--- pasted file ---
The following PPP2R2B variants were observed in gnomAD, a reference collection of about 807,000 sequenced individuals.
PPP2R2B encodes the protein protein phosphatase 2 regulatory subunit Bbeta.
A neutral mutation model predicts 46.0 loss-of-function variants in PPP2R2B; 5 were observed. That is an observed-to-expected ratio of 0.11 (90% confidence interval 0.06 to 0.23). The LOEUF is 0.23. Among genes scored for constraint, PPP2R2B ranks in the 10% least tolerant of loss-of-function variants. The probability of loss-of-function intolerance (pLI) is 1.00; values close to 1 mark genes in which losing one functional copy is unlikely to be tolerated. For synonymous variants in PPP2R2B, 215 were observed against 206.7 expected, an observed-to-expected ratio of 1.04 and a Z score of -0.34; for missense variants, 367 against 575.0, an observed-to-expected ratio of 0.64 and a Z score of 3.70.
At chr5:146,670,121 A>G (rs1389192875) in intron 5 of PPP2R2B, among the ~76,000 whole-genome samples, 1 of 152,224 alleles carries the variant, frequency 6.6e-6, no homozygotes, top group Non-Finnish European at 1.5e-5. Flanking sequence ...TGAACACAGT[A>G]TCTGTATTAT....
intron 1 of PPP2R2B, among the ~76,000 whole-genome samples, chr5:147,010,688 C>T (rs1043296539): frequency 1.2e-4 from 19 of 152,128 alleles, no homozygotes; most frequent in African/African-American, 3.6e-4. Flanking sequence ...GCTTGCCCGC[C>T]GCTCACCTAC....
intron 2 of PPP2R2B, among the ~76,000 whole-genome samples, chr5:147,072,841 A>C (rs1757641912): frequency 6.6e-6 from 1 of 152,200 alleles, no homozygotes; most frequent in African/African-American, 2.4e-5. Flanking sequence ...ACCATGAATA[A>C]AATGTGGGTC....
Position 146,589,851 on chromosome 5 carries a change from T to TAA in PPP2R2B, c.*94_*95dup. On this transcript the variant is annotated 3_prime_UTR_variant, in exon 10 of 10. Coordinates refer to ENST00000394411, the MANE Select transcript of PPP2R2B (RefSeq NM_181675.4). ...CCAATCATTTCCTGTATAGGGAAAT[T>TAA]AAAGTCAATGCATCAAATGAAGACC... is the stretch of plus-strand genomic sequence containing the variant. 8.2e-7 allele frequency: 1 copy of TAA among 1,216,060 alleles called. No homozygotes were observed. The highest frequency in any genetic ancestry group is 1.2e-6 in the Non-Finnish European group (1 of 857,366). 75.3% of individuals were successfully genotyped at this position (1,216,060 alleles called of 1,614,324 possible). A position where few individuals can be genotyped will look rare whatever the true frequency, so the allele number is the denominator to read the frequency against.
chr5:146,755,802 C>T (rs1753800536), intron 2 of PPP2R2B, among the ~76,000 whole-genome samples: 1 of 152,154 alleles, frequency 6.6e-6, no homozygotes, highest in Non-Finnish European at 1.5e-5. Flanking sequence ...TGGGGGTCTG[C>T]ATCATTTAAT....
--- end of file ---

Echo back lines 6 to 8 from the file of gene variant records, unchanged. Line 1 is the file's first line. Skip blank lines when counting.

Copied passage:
intron 2 of PPP2R2B, among the ~76,000 whole-genome samples, chr5:147,072,841 A>C (rs1757641912): frequency 6.6e-6 from 1 of 152,200 alleles, no homozygotes; most frequent in African/African-American, 2.4e-5. Flanking sequence ...ACCATGAATA[A>C]AATGTGGGTC....
Position 146,589,851 on chromosome 5 carries a change from T to TAA in PPP2R2B, c.*94_*95dup. On this transcript the variant is annotated 3_prime_UTR_variant, in exon 10 of 10. Coordinates refer to ENST00000394411, the MANE Select transcript of PPP2R2B (RefSeq NM_181675.4). ...CCAATCATTTCCTGTATAGGGAAAT[T>TAA]AAAGTCAATGCATCAAATGAAGACC... is the stretch of plus-strand genomic sequence containing the variant. 8.2e-7 allele frequency: 1 copy of TAA among 1,216,060 alleles called. No homozygotes were observed. The highest frequency in any genetic ancestry group is 1.2e-6 in the Non-Finnish European group (1 of 857,366). 75.3% of individuals were successfully genotyped at this position (1,216,060 alleles called of 1,614,324 possible). A position where few individuals can be genotyped will look rare whatever the true frequency, so the allele number is the denominator to read the frequency against.
chr5:146,755,802 C>T (rs1753800536), intron 2 of PPP2R2B, among the ~76,000 whole-genome samples: 1 of 152,154 alleles, frequency 6.6e-6, no homozygotes, highest in Non-Finnish European at 1.5e-5. Flanking sequence ...TGGGGGTCTG[C>T]ATCATTTAAT....